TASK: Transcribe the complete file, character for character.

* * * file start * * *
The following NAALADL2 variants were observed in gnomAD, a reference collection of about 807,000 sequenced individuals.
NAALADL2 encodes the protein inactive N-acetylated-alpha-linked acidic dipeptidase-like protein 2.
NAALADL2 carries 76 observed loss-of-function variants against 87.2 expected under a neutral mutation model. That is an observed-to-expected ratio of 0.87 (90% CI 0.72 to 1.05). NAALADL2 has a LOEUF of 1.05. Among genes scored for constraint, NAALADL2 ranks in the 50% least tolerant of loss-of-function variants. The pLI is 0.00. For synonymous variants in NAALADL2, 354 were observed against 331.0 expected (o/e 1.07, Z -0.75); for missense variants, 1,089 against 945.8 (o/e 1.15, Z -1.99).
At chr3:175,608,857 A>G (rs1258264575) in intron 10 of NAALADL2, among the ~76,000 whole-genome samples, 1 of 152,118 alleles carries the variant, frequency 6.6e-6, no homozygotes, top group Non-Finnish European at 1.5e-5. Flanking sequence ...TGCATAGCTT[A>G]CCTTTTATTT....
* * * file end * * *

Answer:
The following NAALADL2 variants were observed in gnomAD, a reference collection of about 807,000 sequenced individuals.
NAALADL2 encodes the protein inactive N-acetylated-alpha-linked acidic dipeptidase-like protein 2.
NAALADL2 carries 76 observed loss-of-function variants against 87.2 expected under a neutral mutation model. That is an observed-to-expected ratio of 0.87 (90% CI 0.72 to 1.05). NAALADL2 has a LOEUF of 1.05. Among genes scored for constraint, NAALADL2 ranks in the 50% least tolerant of loss-of-function variants. The pLI is 0.00. For synonymous variants in NAALADL2, 354 were observed against 331.0 expected (o/e 1.07, Z -0.75); for missense variants, 1,089 against 945.8 (o/e 1.15, Z -1.99).
At chr3:175,608,857 A>G (rs1258264575) in intron 10 of NAALADL2, among the ~76,000 whole-genome samples, 1 of 152,118 alleles carries the variant, frequency 6.6e-6, no homozygotes, top group Non-Finnish European at 1.5e-5. Flanking sequence ...TGCATAGCTT[A>G]CCTTTTATTT....